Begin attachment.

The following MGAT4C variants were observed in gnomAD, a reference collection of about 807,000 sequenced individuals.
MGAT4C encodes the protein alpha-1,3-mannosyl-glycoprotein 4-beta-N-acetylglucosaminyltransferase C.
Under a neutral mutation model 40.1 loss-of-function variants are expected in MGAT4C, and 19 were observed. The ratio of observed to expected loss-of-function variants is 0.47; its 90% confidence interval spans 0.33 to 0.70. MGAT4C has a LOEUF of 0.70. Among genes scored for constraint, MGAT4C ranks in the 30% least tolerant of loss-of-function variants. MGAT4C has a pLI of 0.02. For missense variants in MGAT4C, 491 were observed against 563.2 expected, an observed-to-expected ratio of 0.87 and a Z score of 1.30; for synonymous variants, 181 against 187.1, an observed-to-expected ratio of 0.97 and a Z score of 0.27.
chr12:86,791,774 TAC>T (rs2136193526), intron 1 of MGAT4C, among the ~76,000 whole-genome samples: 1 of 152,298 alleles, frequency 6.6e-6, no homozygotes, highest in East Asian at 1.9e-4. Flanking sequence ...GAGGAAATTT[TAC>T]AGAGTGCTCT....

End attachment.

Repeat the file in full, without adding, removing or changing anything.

The following MGAT4C variants were observed in gnomAD, a reference collection of about 807,000 sequenced individuals.
MGAT4C encodes the protein alpha-1,3-mannosyl-glycoprotein 4-beta-N-acetylglucosaminyltransferase C.
Under a neutral mutation model 40.1 loss-of-function variants are expected in MGAT4C, and 19 were observed. The ratio of observed to expected loss-of-function variants is 0.47; its 90% confidence interval spans 0.33 to 0.70. MGAT4C has a LOEUF of 0.70. Among genes scored for constraint, MGAT4C ranks in the 30% least tolerant of loss-of-function variants. MGAT4C has a pLI of 0.02. For missense variants in MGAT4C, 491 were observed against 563.2 expected, an observed-to-expected ratio of 0.87 and a Z score of 1.30; for synonymous variants, 181 against 187.1, an observed-to-expected ratio of 0.97 and a Z score of 0.27.
chr12:86,791,774 TAC>T (rs2136193526), intron 1 of MGAT4C, among the ~76,000 whole-genome samples: 1 of 152,298 alleles, frequency 6.6e-6, no homozygotes, highest in East Asian at 1.9e-4. Flanking sequence ...GAGGAAATTT[TAC>T]AGAGTGCTCT....